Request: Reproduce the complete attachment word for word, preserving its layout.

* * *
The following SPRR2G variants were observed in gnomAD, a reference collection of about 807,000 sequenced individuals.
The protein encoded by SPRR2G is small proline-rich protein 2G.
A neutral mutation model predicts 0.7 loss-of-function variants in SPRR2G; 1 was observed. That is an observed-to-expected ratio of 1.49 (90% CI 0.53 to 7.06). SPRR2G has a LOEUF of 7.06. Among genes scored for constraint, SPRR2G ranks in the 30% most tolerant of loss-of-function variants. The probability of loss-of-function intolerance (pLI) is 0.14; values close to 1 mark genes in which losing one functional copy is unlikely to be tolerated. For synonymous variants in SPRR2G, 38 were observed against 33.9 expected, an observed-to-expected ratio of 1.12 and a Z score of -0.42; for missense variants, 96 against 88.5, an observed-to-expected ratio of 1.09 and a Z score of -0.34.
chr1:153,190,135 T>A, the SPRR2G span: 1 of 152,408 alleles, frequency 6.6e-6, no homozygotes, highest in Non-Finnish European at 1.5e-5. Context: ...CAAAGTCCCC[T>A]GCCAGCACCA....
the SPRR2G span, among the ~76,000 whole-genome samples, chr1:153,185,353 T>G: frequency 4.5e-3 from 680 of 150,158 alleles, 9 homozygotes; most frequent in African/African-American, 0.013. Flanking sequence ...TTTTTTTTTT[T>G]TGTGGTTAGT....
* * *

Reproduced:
The following SPRR2G variants were observed in gnomAD, a reference collection of about 807,000 sequenced individuals.
The protein encoded by SPRR2G is small proline-rich protein 2G.
A neutral mutation model predicts 0.7 loss-of-function variants in SPRR2G; 1 was observed. That is an observed-to-expected ratio of 1.49 (90% CI 0.53 to 7.06). SPRR2G has a LOEUF of 7.06. Among genes scored for constraint, SPRR2G ranks in the 30% most tolerant of loss-of-function variants. The probability of loss-of-function intolerance (pLI) is 0.14; values close to 1 mark genes in which losing one functional copy is unlikely to be tolerated. For synonymous variants in SPRR2G, 38 were observed against 33.9 expected, an observed-to-expected ratio of 1.12 and a Z score of -0.42; for missense variants, 96 against 88.5, an observed-to-expected ratio of 1.09 and a Z score of -0.34.
chr1:153,190,135 T>A, the SPRR2G span: 1 of 152,408 alleles, frequency 6.6e-6, no homozygotes, highest in Non-Finnish European at 1.5e-5. Context: ...CAAAGTCCCC[T>A]GCCAGCACCA....
the SPRR2G span, among the ~76,000 whole-genome samples, chr1:153,185,353 T>G: frequency 4.5e-3 from 680 of 150,158 alleles, 9 homozygotes; most frequent in African/African-American, 0.013. Flanking sequence ...TTTTTTTTTT[T>G]TGTGGTTAGT....